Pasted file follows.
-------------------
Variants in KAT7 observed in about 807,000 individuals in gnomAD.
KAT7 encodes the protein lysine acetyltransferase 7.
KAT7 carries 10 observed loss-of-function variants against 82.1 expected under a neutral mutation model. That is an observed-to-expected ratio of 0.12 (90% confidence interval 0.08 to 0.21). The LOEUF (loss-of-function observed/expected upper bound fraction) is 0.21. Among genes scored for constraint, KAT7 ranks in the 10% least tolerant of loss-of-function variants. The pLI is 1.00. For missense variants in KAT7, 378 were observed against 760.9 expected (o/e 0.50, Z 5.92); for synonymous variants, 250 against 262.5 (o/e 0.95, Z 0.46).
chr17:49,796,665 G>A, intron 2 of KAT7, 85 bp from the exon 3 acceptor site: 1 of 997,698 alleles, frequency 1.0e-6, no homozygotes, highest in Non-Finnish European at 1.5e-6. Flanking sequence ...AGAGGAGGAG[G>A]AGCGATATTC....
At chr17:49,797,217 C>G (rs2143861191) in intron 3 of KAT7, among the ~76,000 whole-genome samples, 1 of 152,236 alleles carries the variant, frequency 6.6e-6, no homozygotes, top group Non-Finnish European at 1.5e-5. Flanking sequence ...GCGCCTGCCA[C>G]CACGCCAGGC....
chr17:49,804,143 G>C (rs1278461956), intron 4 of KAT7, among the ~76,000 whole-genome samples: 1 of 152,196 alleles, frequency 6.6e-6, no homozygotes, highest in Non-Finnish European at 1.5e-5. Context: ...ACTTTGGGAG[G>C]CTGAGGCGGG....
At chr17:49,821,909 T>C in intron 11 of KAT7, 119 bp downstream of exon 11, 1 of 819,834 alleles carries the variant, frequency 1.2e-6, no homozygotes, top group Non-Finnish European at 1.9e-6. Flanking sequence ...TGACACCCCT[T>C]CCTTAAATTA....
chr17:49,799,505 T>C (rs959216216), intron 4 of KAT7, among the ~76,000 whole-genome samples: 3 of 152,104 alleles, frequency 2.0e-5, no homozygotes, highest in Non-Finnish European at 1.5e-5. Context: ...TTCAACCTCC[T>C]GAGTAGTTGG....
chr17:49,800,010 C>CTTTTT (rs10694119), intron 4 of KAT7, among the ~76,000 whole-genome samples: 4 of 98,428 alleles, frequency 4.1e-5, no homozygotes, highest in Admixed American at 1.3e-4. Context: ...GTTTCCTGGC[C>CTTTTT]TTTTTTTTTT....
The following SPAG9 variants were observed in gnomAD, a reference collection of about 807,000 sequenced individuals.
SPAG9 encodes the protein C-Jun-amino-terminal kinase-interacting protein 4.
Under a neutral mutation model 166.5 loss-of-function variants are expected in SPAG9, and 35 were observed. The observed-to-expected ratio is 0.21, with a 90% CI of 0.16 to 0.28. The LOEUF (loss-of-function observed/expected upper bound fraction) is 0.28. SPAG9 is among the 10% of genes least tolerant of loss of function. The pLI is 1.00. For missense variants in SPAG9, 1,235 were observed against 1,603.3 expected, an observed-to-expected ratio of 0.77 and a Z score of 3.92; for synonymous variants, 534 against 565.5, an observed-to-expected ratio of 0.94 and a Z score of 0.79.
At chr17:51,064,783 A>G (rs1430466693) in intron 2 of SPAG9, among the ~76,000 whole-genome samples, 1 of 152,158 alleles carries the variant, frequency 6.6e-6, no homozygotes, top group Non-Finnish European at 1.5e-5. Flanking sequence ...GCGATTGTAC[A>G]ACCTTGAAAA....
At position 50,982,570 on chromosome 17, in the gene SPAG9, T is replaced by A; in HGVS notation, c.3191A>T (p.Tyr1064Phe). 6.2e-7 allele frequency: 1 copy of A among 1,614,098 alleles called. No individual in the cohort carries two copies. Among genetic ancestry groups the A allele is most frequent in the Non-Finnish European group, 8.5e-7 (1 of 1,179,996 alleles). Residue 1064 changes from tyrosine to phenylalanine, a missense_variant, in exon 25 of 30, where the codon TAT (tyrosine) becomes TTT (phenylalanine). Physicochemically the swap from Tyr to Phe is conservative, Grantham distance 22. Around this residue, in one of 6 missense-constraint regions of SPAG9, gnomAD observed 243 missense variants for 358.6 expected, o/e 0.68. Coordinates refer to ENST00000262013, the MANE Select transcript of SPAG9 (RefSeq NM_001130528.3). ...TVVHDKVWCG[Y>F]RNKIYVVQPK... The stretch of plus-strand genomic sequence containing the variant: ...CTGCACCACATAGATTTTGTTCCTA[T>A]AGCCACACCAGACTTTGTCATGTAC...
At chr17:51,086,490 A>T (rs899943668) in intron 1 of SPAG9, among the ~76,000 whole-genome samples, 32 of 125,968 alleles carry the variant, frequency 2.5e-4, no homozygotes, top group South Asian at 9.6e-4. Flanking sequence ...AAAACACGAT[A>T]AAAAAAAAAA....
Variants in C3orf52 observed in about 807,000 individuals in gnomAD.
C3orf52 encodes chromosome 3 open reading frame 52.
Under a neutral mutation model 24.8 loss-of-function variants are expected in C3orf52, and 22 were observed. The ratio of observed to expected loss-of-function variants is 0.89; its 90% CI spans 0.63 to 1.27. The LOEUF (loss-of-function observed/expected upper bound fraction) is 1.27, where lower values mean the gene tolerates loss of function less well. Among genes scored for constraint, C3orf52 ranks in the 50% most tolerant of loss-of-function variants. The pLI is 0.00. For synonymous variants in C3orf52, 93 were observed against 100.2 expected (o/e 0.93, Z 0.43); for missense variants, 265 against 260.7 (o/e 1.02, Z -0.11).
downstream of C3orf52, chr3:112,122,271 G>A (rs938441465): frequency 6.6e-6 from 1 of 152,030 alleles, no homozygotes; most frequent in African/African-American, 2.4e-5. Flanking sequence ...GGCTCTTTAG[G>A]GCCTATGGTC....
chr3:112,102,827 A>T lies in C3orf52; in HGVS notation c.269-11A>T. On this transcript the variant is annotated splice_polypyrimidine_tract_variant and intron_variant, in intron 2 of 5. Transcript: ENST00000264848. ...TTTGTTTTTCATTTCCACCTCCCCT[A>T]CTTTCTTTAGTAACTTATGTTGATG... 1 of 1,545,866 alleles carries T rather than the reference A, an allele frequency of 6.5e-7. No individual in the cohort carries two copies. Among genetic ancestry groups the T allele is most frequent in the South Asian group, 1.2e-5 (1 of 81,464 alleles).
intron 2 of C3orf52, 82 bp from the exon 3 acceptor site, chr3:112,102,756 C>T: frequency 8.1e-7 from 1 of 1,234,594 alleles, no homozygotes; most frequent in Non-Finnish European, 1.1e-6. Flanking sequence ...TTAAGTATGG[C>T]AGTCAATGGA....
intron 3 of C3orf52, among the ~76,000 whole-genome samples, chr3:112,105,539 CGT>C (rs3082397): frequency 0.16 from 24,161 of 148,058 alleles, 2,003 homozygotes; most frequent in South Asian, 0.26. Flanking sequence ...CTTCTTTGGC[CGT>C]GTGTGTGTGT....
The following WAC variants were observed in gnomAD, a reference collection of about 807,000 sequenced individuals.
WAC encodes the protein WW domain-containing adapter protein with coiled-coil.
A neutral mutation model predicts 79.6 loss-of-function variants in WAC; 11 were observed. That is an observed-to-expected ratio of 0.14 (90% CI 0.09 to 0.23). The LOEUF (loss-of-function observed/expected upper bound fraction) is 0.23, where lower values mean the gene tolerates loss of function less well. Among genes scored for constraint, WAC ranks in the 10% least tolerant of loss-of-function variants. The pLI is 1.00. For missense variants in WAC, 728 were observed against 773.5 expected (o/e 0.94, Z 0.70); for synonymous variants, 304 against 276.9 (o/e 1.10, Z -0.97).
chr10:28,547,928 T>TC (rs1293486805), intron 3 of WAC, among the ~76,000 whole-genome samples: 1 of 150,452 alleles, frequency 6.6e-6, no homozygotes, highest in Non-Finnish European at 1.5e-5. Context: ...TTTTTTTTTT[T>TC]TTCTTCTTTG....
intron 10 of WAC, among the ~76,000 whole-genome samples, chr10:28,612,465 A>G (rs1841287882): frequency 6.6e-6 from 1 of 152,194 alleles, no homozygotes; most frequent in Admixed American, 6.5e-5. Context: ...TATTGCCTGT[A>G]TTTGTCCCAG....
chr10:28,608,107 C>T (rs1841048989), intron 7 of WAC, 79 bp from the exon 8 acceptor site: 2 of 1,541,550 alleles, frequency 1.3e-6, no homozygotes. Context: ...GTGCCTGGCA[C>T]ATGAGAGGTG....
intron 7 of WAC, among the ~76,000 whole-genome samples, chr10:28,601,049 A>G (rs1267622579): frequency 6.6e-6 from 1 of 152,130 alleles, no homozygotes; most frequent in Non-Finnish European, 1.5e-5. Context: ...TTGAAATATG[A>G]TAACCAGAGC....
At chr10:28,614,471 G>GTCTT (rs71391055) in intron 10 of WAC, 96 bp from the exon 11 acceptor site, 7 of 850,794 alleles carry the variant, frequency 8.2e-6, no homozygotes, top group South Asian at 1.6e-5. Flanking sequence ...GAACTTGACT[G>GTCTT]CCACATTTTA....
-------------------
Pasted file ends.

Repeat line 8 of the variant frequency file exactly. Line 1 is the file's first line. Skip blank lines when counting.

chr17:49,799,505 T>C (rs959216216), intron 4 of KAT7, among the ~76,000 whole-genome samples: 3 of 152,104 alleles, frequency 2.0e-5, no homozygotes, highest in Non-Finnish European at 1.5e-5. Context: ...TTCAACCTCC[T>C]GAGTAGTTGG....